A Los Angeles businessman has been sentenced to 2 1/2 years in federal prison for selling uncertified aircraft manufacturing parts that were used to make Boeing 737 airplanes. Prosecutors say 74-year-old Duane Lepire was sentenced Monday in U.S. District Court after pleading guilty in April to fraud for selling commercial-grade rubber gaskets that were not approved for aviation manufacturing. The U.S. attorney’s office says Lepire, the owner of Chatsworth Rubber and Gasket Co. in Canoga Park, falsely claimed the parts were certified for use in aircraft manufacturing. Lepire painted and repackaged the cheaper parts with bogus “certificates of conformance.” The nonconforming O-rings were used to make vibration dampeners that leaked hydraulic fluid, which was a safety hazard but didn’t cause any accidents.
S.C. lawmakers quiz Boeing on minority hiring
Black lawmakers want to make sure minorities get a fair chance at jobs at Boeing’s new assembly line in South Carolina. The Post and Courier of Charleston reports state Sen. Robert Ford, a Democrat and member of the Legislative Black Caucus, has written Boeing President Jim McNerney. The company plans to build a North Charleston assembly plant to make 787 jetliners. Ford says blacks have disproportionately suffered job losses in the state because of the recession. The caucus wants to know about Boeing’s hiring plans and its track record of hiring minorities and women. Boeing expects to create 3,800 assembly jobs and 2,000 construction jobs. Ford did not immediately return a phone message from The Associated Press seeking comment.
Fannie Mae tax credit could cost $5.2 billion
Fannie Mae said Monday it may have to ask the government for more financial assistance because the company cannot sell $5.2 billion in tax credits. The Treasury Department last week blocked the mortgage giant from selling about $2.6 billion in low-income housing tax credits to investors that included Goldman Sachs Group Inc. Because the investors could use the credits to reduce their own tax bills, Treasury said the sale would result in a loss of tax revenue greater than the savings to the government. Fannie Mae requested $15 billion in financial aid last week after reporting a $19.8 billion quarterly loss, bringing the taxpayers’ bill for the mortgage company’s rescue to $60 billion. Fannie said in a regulatory filing that it was evaluating whether it would have to take a charge in the current quarter to reflect the value of the now-worthless tax credits.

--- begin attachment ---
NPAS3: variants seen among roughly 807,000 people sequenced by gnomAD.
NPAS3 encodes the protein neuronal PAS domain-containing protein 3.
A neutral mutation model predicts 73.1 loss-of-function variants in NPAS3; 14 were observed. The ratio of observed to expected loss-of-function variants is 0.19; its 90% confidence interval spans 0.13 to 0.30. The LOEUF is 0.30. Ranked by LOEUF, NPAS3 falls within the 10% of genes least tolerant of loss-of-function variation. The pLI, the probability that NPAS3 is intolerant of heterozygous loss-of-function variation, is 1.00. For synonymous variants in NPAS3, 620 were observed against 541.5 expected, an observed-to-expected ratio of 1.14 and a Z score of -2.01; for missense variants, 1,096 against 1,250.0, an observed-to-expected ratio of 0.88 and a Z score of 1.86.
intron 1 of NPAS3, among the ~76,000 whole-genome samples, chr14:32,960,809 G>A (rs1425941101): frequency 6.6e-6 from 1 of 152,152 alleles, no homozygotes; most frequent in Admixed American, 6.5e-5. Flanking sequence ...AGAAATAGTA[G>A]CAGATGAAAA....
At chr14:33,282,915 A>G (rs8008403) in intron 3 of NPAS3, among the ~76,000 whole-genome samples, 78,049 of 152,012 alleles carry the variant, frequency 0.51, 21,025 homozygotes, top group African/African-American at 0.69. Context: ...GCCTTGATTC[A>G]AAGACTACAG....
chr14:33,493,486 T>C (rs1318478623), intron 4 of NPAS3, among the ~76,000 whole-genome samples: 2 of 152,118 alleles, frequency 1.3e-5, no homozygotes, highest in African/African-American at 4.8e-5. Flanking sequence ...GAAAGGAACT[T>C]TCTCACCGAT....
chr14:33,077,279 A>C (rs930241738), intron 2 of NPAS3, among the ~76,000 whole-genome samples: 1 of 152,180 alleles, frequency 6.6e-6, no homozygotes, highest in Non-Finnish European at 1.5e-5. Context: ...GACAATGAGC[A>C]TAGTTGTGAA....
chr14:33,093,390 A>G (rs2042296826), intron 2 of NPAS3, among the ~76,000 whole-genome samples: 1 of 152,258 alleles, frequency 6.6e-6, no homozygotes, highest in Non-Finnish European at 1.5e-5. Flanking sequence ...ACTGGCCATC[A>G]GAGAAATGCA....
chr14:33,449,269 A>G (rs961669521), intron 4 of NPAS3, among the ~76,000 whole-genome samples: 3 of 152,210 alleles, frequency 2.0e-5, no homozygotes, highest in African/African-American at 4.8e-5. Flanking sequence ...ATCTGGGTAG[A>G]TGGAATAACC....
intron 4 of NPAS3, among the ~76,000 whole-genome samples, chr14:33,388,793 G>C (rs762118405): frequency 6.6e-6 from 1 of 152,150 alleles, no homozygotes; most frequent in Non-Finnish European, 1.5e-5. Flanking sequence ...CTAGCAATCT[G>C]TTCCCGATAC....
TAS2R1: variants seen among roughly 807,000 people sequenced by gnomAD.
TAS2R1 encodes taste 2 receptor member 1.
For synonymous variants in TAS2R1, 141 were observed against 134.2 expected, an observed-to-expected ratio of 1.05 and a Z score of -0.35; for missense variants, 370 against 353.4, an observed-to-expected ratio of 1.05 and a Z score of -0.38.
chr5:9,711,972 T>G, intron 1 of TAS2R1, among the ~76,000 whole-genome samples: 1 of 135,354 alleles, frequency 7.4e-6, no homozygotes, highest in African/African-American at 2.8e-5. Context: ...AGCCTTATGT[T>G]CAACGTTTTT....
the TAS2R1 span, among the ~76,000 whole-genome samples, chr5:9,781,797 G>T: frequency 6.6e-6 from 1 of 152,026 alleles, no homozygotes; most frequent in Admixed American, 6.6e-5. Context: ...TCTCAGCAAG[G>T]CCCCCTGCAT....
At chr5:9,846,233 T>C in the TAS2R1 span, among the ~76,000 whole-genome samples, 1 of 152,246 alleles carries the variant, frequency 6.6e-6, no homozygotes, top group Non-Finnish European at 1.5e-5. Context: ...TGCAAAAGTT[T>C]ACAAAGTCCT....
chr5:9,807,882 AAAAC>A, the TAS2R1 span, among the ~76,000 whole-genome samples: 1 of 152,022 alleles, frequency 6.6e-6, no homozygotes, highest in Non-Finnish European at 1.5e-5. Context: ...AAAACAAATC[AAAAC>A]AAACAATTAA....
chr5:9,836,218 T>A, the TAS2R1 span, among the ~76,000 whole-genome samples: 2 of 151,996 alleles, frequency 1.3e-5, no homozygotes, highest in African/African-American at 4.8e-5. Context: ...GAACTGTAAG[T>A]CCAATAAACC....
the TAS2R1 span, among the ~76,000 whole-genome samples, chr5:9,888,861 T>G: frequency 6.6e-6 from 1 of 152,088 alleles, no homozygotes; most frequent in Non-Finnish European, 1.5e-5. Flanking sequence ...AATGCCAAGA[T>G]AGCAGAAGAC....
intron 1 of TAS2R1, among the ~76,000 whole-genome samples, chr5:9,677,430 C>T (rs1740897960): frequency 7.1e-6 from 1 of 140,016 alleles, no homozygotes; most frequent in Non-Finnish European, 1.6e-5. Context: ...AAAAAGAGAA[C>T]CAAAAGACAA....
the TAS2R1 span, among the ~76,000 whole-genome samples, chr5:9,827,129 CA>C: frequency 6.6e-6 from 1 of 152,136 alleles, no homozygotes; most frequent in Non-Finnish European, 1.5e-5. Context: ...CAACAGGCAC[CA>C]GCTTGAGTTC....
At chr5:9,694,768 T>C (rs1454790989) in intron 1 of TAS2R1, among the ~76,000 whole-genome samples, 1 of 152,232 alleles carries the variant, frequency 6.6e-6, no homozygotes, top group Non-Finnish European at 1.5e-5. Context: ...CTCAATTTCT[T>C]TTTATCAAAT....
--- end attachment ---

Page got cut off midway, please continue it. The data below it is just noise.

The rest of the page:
Google to buy mobile advertising network
Google Inc. is stepping up its push to sell advertising on cell phones, announcing a deal Monday to buy a mobile ad network, AdMob, for $750 million in stock. Google already has a mobile ad delivery system, DoubleClick Mobile, which it got with its $3.2 billion acquisition of DoubleClick Inc. in 2008. Google said buying AdMob will give it more expertise in a market that is expected to grow rapidly over the next several years.
Group predicts Thanksgiving airline travel will drop 4%
An airline industry trade group predicts that passenger traffic over the Thanksgiving holiday will drop 4 percent from last year. The Air Transport Association made the forecast Monday despite deep discounting by airlines over the past several months. U.S. airlines have struggled this year with declining traffic during the recession, forcing airlines to cut capacity. With fewer flights, planes are likely to be full over Thanksgiving, the trade group said. It called the capacity reductions the deepest since 1942. The group said the four busiest travel days around Thanksgiving are expected to be Monday, Nov. 30; Sunday, Nov. 29; Friday, Nov. 20; and Wednesday, Nov. 25, the day before the holiday.
From Herald news services